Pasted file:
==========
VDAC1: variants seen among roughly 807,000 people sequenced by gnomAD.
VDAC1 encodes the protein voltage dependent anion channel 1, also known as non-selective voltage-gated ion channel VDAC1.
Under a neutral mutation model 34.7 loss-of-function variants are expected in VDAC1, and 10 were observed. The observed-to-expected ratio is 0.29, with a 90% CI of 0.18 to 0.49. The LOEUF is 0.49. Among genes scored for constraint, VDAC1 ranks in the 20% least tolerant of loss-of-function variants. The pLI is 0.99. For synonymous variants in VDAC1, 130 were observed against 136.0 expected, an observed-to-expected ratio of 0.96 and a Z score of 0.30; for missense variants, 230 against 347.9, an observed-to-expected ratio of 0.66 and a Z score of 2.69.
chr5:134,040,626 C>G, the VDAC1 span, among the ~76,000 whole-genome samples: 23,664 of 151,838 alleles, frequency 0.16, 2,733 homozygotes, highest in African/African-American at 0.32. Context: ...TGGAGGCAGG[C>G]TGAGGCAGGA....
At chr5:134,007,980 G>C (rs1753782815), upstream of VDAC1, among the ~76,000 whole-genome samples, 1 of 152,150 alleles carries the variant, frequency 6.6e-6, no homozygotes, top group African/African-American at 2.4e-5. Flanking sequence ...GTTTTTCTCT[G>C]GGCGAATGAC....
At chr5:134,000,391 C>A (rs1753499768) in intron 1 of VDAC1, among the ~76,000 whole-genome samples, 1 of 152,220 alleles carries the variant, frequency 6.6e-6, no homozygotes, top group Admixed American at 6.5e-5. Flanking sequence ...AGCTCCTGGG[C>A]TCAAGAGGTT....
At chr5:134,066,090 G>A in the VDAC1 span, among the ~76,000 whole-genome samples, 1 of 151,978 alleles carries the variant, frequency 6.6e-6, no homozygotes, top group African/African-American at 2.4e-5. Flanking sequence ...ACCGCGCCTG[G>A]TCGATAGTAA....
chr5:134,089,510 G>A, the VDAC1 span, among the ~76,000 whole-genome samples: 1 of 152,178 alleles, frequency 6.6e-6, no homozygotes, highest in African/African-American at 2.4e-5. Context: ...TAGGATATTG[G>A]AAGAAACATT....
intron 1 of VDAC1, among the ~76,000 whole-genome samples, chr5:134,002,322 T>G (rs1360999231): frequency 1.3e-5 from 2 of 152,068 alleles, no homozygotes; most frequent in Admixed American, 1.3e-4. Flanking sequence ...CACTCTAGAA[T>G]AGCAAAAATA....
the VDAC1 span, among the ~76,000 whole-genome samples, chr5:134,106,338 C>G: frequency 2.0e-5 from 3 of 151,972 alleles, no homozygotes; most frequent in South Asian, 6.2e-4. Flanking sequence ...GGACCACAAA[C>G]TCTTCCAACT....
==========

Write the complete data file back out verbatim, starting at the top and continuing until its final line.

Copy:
VDAC1: variants seen among roughly 807,000 people sequenced by gnomAD.
VDAC1 encodes the protein voltage dependent anion channel 1, also known as non-selective voltage-gated ion channel VDAC1.
Under a neutral mutation model 34.7 loss-of-function variants are expected in VDAC1, and 10 were observed. The observed-to-expected ratio is 0.29, with a 90% CI of 0.18 to 0.49. The LOEUF is 0.49. Among genes scored for constraint, VDAC1 ranks in the 20% least tolerant of loss-of-function variants. The pLI is 0.99. For synonymous variants in VDAC1, 130 were observed against 136.0 expected, an observed-to-expected ratio of 0.96 and a Z score of 0.30; for missense variants, 230 against 347.9, an observed-to-expected ratio of 0.66 and a Z score of 2.69.
chr5:134,040,626 C>G, the VDAC1 span, among the ~76,000 whole-genome samples: 23,664 of 151,838 alleles, frequency 0.16, 2,733 homozygotes, highest in African/African-American at 0.32. Context: ...TGGAGGCAGG[C>G]TGAGGCAGGA....
At chr5:134,007,980 G>C (rs1753782815), upstream of VDAC1, among the ~76,000 whole-genome samples, 1 of 152,150 alleles carries the variant, frequency 6.6e-6, no homozygotes, top group African/African-American at 2.4e-5. Flanking sequence ...GTTTTTCTCT[G>C]GGCGAATGAC....
At chr5:134,000,391 C>A (rs1753499768) in intron 1 of VDAC1, among the ~76,000 whole-genome samples, 1 of 152,220 alleles carries the variant, frequency 6.6e-6, no homozygotes, top group Admixed American at 6.5e-5. Flanking sequence ...AGCTCCTGGG[C>A]TCAAGAGGTT....
At chr5:134,066,090 G>A in the VDAC1 span, among the ~76,000 whole-genome samples, 1 of 151,978 alleles carries the variant, frequency 6.6e-6, no homozygotes, top group African/African-American at 2.4e-5. Flanking sequence ...ACCGCGCCTG[G>A]TCGATAGTAA....
chr5:134,089,510 G>A, the VDAC1 span, among the ~76,000 whole-genome samples: 1 of 152,178 alleles, frequency 6.6e-6, no homozygotes, highest in African/African-American at 2.4e-5. Context: ...TAGGATATTG[G>A]AAGAAACATT....
intron 1 of VDAC1, among the ~76,000 whole-genome samples, chr5:134,002,322 T>G (rs1360999231): frequency 1.3e-5 from 2 of 152,068 alleles, no homozygotes; most frequent in Admixed American, 1.3e-4. Flanking sequence ...CACTCTAGAA[T>G]AGCAAAAATA....
the VDAC1 span, among the ~76,000 whole-genome samples, chr5:134,106,338 C>G: frequency 2.0e-5 from 3 of 151,972 alleles, no homozygotes; most frequent in South Asian, 6.2e-4. Flanking sequence ...GGACCACAAA[C>G]TCTTCCAACT....